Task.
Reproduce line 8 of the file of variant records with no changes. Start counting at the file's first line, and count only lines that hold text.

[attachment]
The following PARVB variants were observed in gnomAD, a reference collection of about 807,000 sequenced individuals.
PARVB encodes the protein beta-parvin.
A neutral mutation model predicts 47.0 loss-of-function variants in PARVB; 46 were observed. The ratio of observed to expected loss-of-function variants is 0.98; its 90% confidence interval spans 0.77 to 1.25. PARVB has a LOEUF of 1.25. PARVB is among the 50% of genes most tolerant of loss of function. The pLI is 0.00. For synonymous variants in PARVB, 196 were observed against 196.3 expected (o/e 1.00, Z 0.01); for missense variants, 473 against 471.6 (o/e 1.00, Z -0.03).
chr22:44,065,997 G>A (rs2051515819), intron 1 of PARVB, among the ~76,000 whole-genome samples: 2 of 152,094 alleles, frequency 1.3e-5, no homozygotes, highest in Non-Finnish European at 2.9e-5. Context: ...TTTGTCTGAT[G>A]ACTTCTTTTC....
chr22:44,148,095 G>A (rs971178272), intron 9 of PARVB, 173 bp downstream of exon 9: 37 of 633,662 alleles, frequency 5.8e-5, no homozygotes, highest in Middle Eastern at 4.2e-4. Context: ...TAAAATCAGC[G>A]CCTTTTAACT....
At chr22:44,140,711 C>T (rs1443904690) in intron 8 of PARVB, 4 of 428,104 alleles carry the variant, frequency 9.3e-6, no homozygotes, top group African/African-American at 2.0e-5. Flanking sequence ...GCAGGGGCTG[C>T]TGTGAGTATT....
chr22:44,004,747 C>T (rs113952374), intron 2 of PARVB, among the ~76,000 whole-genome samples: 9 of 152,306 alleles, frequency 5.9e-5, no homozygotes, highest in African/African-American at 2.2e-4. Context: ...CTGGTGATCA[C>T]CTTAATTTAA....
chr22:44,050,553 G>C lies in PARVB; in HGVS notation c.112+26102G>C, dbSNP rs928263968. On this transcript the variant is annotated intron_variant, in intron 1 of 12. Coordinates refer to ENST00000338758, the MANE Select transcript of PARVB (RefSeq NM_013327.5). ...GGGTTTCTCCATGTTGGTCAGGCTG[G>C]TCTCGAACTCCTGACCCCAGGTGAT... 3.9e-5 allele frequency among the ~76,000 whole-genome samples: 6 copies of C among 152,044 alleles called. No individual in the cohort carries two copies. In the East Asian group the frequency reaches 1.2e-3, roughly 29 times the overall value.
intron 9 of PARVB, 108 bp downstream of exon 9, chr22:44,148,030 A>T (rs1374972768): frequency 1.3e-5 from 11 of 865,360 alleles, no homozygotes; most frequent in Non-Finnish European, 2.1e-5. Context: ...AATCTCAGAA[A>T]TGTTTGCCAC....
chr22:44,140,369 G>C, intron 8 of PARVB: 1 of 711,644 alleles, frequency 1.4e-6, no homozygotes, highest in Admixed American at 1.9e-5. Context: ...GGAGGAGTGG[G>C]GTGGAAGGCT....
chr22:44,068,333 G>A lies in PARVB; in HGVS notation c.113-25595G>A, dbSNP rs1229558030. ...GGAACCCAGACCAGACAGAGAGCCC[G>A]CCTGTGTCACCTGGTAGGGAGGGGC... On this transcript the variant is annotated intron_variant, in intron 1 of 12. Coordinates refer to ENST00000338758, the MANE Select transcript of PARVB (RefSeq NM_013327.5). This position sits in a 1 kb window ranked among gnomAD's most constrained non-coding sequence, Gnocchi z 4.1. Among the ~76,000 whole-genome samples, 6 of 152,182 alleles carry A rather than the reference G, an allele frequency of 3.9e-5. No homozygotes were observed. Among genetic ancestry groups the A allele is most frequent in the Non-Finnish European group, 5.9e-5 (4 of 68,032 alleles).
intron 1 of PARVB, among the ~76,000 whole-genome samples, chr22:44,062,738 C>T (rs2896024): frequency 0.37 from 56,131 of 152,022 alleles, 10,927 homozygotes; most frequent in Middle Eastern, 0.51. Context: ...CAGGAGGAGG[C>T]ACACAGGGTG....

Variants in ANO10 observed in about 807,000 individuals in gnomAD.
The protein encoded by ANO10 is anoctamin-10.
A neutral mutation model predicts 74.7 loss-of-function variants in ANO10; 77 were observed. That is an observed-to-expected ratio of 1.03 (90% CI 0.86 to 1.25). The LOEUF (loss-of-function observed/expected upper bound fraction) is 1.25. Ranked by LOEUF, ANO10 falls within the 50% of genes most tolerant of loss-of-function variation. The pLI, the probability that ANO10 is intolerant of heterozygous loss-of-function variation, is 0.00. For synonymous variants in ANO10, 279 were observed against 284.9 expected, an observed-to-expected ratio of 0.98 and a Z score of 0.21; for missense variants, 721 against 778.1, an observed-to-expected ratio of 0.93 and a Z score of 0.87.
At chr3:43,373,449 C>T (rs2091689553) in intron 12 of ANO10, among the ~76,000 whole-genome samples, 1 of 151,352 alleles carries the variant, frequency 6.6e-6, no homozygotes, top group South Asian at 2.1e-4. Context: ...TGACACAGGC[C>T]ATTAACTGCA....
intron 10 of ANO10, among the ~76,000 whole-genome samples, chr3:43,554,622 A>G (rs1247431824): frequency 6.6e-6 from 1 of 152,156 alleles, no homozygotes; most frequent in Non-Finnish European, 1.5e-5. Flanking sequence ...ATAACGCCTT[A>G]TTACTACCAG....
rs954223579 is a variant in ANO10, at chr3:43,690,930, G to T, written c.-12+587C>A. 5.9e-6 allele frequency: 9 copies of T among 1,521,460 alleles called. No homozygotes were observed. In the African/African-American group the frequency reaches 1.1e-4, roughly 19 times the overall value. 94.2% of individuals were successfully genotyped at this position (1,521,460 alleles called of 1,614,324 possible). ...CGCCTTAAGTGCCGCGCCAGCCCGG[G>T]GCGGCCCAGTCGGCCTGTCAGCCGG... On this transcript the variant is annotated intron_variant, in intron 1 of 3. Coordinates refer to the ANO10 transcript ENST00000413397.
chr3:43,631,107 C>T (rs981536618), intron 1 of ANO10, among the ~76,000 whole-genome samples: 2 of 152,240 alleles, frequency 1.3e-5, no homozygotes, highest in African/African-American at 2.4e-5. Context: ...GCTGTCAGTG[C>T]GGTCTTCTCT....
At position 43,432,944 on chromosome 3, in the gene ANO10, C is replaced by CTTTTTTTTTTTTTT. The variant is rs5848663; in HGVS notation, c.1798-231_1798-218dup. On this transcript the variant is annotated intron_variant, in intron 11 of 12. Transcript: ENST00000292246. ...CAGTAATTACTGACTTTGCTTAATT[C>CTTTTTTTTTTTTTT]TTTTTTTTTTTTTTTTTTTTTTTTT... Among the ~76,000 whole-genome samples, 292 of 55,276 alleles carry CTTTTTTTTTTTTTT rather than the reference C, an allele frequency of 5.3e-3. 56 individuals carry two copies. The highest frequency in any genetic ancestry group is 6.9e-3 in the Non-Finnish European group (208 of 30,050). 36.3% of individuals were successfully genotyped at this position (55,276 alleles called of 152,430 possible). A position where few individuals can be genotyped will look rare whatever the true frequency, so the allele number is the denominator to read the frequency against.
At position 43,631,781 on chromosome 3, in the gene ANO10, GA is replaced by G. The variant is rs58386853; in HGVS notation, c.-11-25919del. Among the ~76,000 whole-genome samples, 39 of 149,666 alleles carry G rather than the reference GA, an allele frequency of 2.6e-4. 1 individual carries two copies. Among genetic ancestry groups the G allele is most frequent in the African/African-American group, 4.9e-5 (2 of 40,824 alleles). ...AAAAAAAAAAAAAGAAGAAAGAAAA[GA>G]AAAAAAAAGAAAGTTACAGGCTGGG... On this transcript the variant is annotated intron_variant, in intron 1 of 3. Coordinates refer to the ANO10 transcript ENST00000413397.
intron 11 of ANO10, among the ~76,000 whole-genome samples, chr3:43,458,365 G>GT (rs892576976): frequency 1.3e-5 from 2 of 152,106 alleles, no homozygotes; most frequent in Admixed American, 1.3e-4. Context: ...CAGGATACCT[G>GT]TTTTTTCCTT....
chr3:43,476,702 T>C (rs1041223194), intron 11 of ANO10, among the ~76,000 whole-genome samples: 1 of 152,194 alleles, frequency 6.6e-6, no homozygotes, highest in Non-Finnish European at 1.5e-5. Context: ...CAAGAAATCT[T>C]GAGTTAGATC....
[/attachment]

chr22:44,050,553 G>C lies in PARVB; in HGVS notation c.112+26102G>C, dbSNP rs928263968. On this transcript the variant is annotated intron_variant, in intron 1 of 12. Coordinates refer to ENST00000338758, the MANE Select transcript of PARVB (RefSeq NM_013327.5). ...GGGTTTCTCCATGTTGGTCAGGCTG[G>C]TCTCGAACTCCTGACCCCAGGTGAT... 3.9e-5 allele frequency among the ~76,000 whole-genome samples: 6 copies of C among 152,044 alleles called. No individual in the cohort carries two copies. In the East Asian group the frequency reaches 1.2e-3, roughly 29 times the overall value.